Industry 4.0: Digitalisation for productivity and growth

22-09-2015

Many observers believe that Europe is at the beginning of a new industrial revolution, considered to be the fourth such leap forward and hence labelled Industry 4.0. The ubiquitous use of sensors, the expansion of wireless communication and networks, the deployment of increasingly intelligent robots and machines – as well as increased computing power at lower cost and the development of 'big data' analytics – has the potential to transform the way goods are manufactured in Europe. This new, digital ...

Many observers believe that Europe is at the beginning of a new industrial revolution, considered to be the fourth such leap forward and hence labelled Industry 4.0. The ubiquitous use of sensors, the expansion of wireless communication and networks, the deployment of increasingly intelligent robots and machines – as well as increased computing power at lower cost and the development of 'big data' analytics – has the potential to transform the way goods are manufactured in Europe. This new, digital industrial revolution holds the promise of increased flexibility in manufacturing, mass customisation, increased speed, better quality and improved productivity. However to capture these benefits, enterprises will need to invest in equipment, information and communication technologies (ICTs) and data analysis as well as the integration of data flows throughout the global value chain. The EU supports industrial change through its industrial policy and through research and infrastructure funding. Member States are also sponsoring national initiatives such as Industrie 4.0 in Germany, the Factory of the Future in France and Italy, and Catapult centres in the UK. However challenges remain. The need for investment, changing business models, data issues, legal questions of liability and intellectual property, standards, and skills mismatches are among the challenges that must be met if benefits are to be gained from new manufacturing and industrial technologies. If these obstacles can be overcome, Industry 4.0 may help to reverse the past decline in industrialisation and increase total value added from manufacturing to a targeted 20% of all value added by 2020. Please click here for the full publication in PDF format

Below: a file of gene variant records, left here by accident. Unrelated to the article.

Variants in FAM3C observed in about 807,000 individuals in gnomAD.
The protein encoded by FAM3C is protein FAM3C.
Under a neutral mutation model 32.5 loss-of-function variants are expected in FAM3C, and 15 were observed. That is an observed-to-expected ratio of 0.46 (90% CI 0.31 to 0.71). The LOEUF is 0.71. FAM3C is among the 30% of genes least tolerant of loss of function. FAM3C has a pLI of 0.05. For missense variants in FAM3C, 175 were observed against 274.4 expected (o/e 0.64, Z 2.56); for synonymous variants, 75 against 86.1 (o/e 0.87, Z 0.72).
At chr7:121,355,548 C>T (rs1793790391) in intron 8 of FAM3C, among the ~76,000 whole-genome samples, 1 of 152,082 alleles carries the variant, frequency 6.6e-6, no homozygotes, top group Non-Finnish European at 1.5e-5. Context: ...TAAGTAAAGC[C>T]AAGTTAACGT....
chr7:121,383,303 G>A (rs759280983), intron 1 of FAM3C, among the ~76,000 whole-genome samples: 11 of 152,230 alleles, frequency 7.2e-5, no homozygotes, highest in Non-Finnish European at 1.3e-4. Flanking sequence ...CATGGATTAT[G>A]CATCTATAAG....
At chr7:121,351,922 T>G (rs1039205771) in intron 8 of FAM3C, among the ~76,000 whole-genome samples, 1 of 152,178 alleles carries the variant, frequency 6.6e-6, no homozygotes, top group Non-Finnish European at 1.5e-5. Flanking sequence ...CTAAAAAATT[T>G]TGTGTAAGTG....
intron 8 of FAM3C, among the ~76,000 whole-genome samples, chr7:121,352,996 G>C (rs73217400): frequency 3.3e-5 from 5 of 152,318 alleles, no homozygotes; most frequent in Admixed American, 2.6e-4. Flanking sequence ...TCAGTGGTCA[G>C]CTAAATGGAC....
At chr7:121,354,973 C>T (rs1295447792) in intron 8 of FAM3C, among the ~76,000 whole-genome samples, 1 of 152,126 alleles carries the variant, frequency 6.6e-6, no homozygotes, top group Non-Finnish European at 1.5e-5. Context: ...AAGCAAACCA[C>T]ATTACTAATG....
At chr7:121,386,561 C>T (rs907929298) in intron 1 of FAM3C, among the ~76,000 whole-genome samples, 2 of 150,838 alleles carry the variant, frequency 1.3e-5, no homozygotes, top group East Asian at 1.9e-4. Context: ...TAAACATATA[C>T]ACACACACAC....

EU Industrial Policy: Assessment of Recent Developments and Recommendations for Future Policies

02-03-2015

Following disregard in the 1980s, industrial policy has recently attracted policy attention at EU level. The objective of this study provided by Policy Department A at the request of the ITRE Committee, is to establish the state of the art of a coordinated and integrated EU industrial policy. It assesses current initiatives, policies and arrangements and proposes an overview of stakeholders’ positions at EU and national levels in order to feed into the debate on how to improve competitiveness and ...

Following disregard in the 1980s, industrial policy has recently attracted policy attention at EU level. The objective of this study provided by Policy Department A at the request of the ITRE Committee, is to establish the state of the art of a coordinated and integrated EU industrial policy. It assesses current initiatives, policies and arrangements and proposes an overview of stakeholders’ positions at EU and national levels in order to feed into the debate on how to improve competitiveness and growth in Europe.

External author

Julie Pellegrin (CSIL - Centre for Industrial Studies, Italy), Maria Letizia Giorgetti (University of Milan, Italy), Camilla Jensen (CASE, Poland) and Alberto Bolognini (Economisti Associati, Italy)

A picture of the EU car industry

28-02-2013

2012 was a tough year for the EU car industry. The perennial problem of surplus production capacity in Europe (15% in 2012) is allied to a mature (roughly flat since 2001) domestic market and buyers facing austerity.

2012 was a tough year for the EU car industry. The perennial problem of surplus production capacity in Europe (15% in 2012) is allied to a mature (roughly flat since 2001) domestic market and buyers facing austerity.

Mining in the EU: regulation and the way forward

19-12-2012

The EU mining industry may be part of the solution to Europe's raw material shortage, but limiting the environmental footprint of mining is a key requirement if it is to be revived.

The EU mining industry may be part of the solution to Europe's raw material shortage, but limiting the environmental footprint of mining is a key requirement if it is to be revived.

Developing Countries and the ICT Revolution

01-03-2001

The objective of this project is to look at the potential role of the EU in supporting ICT capacity-building in low-income countries.

The objective of this project is to look at the potential role of the EU in supporting ICT capacity-building in low-income countries.

External author

Maurizio Pedrelli (Pragmata srl, Reggio Emilia, Italy)